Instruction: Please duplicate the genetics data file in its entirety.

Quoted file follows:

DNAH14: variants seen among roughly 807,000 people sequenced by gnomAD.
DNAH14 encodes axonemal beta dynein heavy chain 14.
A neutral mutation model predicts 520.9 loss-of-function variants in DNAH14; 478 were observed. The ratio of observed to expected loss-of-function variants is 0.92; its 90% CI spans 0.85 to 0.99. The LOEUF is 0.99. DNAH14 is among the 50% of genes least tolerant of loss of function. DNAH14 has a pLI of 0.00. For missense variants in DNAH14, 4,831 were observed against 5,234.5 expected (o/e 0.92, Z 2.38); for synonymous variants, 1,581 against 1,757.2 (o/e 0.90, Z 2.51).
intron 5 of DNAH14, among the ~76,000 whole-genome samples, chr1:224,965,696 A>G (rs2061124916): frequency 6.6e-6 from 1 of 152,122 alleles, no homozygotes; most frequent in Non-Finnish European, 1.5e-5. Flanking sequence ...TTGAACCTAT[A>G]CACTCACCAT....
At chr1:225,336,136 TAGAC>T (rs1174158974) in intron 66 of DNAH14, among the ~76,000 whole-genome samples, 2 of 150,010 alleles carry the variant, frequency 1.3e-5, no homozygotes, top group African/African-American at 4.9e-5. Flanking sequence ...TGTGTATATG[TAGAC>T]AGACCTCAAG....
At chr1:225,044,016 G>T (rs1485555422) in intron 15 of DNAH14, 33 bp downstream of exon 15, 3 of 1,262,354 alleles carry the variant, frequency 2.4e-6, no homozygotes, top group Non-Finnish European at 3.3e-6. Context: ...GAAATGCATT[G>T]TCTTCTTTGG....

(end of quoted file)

DNAH14: variants seen among roughly 807,000 people sequenced by gnomAD.
DNAH14 encodes axonemal beta dynein heavy chain 14.
A neutral mutation model predicts 520.9 loss-of-function variants in DNAH14; 478 were observed. The ratio of observed to expected loss-of-function variants is 0.92; its 90% CI spans 0.85 to 0.99. The LOEUF is 0.99. DNAH14 is among the 50% of genes least tolerant of loss of function. DNAH14 has a pLI of 0.00. For missense variants in DNAH14, 4,831 were observed against 5,234.5 expected (o/e 0.92, Z 2.38); for synonymous variants, 1,581 against 1,757.2 (o/e 0.90, Z 2.51).
intron 5 of DNAH14, among the ~76,000 whole-genome samples, chr1:224,965,696 A>G (rs2061124916): frequency 6.6e-6 from 1 of 152,122 alleles, no homozygotes; most frequent in Non-Finnish European, 1.5e-5. Flanking sequence ...TTGAACCTAT[A>G]CACTCACCAT....
At chr1:225,336,136 TAGAC>T (rs1174158974) in intron 66 of DNAH14, among the ~76,000 whole-genome samples, 2 of 150,010 alleles carry the variant, frequency 1.3e-5, no homozygotes, top group African/African-American at 4.9e-5. Flanking sequence ...TGTGTATATG[TAGAC>T]AGACCTCAAG....
At chr1:225,044,016 G>T (rs1485555422) in intron 15 of DNAH14, 33 bp downstream of exon 15, 3 of 1,262,354 alleles carry the variant, frequency 2.4e-6, no homozygotes, top group Non-Finnish European at 3.3e-6. Context: ...GAAATGCATT[G>T]TCTTCTTTGG....